with the anti-Communist anti-Semitic forces of the German Baron von Ungern-Sternberg. Since the Bavarian Communist Revolution of 1918,
the Thule Society and Hitler were avidly anti-Communist. Before
this, they were both already anti-Semitic. Thus, in their eyes, Shambhala was a dark, negative force that supported purely
materialistic “Jewish-Marxist-Liberal Science.” With his
anti-Communist bias, Hitler signed the Anti-Commintern Pact with
Japan in November 1936, in which both countries declared their
mutual hostility toward the spread of international Communism. Both
agreed that they would not sign any political treaties with the
Soviet Union. Nevertheless, to avoid a European war on two fronts,
Hitler signed the Nazi-Soviet Pact with Stalin in August 1939. He
broke this pact, however, in September 1941, when the Nazi forces
invaded the Soviet Union.
An occult explanation and justification of Hitler’s about-face might
have been through an allegory. Shambhala (the Soviet Union,
Communism, and the Jews) was basically evil (acknowledged by the
Anti-Commintern Pact). Nevertheless, Hitler first sought an alliance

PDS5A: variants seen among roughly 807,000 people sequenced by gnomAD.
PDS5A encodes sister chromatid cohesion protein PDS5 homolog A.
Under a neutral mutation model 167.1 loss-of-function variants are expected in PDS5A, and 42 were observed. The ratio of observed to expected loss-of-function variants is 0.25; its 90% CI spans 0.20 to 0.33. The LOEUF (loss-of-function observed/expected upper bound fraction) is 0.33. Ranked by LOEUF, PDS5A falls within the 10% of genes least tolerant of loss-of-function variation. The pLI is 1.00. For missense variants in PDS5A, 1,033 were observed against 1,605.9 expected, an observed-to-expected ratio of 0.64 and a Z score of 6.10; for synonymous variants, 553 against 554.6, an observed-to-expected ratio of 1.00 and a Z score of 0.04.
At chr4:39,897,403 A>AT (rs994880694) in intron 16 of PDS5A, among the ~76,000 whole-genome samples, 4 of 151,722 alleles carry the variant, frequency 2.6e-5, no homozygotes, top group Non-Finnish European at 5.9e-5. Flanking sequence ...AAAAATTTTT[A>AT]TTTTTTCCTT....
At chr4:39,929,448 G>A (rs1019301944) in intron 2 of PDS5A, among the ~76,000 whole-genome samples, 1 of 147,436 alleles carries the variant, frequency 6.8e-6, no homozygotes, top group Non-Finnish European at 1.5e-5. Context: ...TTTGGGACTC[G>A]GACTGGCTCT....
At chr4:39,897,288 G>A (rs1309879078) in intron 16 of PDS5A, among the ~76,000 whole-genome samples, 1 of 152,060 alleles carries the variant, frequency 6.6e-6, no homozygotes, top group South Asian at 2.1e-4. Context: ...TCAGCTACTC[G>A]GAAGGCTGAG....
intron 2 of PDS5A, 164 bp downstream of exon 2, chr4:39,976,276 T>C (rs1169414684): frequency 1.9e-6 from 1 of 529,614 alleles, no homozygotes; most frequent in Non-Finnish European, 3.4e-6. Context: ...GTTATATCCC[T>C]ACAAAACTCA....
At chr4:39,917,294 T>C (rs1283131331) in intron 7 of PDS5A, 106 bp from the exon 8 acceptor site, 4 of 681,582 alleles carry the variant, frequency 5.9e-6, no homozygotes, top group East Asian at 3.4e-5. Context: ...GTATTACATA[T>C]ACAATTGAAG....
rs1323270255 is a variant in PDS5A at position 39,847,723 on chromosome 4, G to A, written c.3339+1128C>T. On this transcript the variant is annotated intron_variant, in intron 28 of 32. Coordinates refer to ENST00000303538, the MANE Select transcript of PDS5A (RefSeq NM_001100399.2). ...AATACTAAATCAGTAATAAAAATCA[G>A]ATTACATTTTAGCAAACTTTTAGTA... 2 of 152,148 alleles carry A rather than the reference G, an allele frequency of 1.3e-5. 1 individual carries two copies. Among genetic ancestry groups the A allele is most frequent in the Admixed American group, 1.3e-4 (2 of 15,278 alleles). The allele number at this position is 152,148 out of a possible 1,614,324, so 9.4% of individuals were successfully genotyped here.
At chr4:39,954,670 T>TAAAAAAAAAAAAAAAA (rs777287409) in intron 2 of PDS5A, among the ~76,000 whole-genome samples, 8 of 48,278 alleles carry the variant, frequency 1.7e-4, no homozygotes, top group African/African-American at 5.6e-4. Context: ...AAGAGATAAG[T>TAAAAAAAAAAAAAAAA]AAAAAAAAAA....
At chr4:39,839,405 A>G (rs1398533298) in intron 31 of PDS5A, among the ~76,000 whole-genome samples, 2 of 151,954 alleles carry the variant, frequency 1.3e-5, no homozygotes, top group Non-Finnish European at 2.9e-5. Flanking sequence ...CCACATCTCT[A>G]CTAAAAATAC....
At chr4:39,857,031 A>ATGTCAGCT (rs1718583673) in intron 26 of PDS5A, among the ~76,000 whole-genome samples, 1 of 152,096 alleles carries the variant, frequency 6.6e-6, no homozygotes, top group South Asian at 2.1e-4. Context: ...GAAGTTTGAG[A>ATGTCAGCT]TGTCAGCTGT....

with it (the Soviet-Nazi Pact). Shambhala refused (Hitler placed the
blame on the Soviet Union for why he broke the pact). Hitler then
turned to and received support from Agharti. (Ungern, an earlier
anti-Semitic anti-Bolshevik German, had also sought help from
Agharti, but had failed to locate the fabled land. Thus, Ungern had
failed in his mission. Since Hitler’s expeditions had found
Agharti-Asgaard and received its help, the Nazis would surely
Supporting Evidence for the Theory
The following facts would support the above theory explaining the
German Occult depiction of Shambhala as a land of malevolent forces.
In Der Weg nach Shambhala (The Way to Shambhala) (1915), the German
explorer of Central Asia, Albert Grьnwedel, reported that
had identified the Romanov Dynasty as the descendants of the rulers
In Sturm ьber Asien (Storm over Asia) (1924), the German spy
Wilhelm Filchner connected the Soviet drive to take over Central Asia with
the Romanov interest in Tibet from the beginning of the century. In
1926, the Roerichs delivered soil purportedly from the mahatmas of
Tibet to Soviet Foreign Minister Chicherin to place on Lenin’s
grave. Helena Roerich referred to both Marx and Lenin as
and claimed that emissaries of the Himalayan mahatmas had even met
with Marx in England and Lenin in Switzerland. The mahatmas